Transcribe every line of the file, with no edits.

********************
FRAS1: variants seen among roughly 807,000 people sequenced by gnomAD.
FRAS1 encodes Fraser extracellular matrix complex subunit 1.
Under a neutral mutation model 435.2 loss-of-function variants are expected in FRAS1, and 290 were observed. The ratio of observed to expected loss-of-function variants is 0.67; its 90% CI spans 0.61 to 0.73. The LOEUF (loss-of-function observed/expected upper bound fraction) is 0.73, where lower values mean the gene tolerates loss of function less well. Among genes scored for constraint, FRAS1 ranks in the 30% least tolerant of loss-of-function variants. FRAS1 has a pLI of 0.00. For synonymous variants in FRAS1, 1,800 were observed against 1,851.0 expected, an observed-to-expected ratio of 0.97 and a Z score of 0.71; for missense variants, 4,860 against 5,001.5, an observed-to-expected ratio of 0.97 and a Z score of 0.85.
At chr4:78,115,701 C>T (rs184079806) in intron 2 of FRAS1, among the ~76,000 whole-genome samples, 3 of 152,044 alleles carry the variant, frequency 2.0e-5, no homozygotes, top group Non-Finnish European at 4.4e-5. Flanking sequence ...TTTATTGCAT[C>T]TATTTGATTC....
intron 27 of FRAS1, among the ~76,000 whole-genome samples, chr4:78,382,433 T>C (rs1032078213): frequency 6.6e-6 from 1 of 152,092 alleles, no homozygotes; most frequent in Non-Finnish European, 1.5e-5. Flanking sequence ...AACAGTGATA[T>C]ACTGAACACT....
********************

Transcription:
FRAS1: variants seen among roughly 807,000 people sequenced by gnomAD.
FRAS1 encodes Fraser extracellular matrix complex subunit 1.
Under a neutral mutation model 435.2 loss-of-function variants are expected in FRAS1, and 290 were observed. The ratio of observed to expected loss-of-function variants is 0.67; its 90% CI spans 0.61 to 0.73. The LOEUF (loss-of-function observed/expected upper bound fraction) is 0.73, where lower values mean the gene tolerates loss of function less well. Among genes scored for constraint, FRAS1 ranks in the 30% least tolerant of loss-of-function variants. FRAS1 has a pLI of 0.00. For synonymous variants in FRAS1, 1,800 were observed against 1,851.0 expected, an observed-to-expected ratio of 0.97 and a Z score of 0.71; for missense variants, 4,860 against 5,001.5, an observed-to-expected ratio of 0.97 and a Z score of 0.85.
At chr4:78,115,701 C>T (rs184079806) in intron 2 of FRAS1, among the ~76,000 whole-genome samples, 3 of 152,044 alleles carry the variant, frequency 2.0e-5, no homozygotes, top group Non-Finnish European at 4.4e-5. Flanking sequence ...TTTATTGCAT[C>T]TATTTGATTC....
intron 27 of FRAS1, among the ~76,000 whole-genome samples, chr4:78,382,433 T>C (rs1032078213): frequency 6.6e-6 from 1 of 152,092 alleles, no homozygotes; most frequent in Non-Finnish European, 1.5e-5. Flanking sequence ...AACAGTGATA[T>C]ACTGAACACT....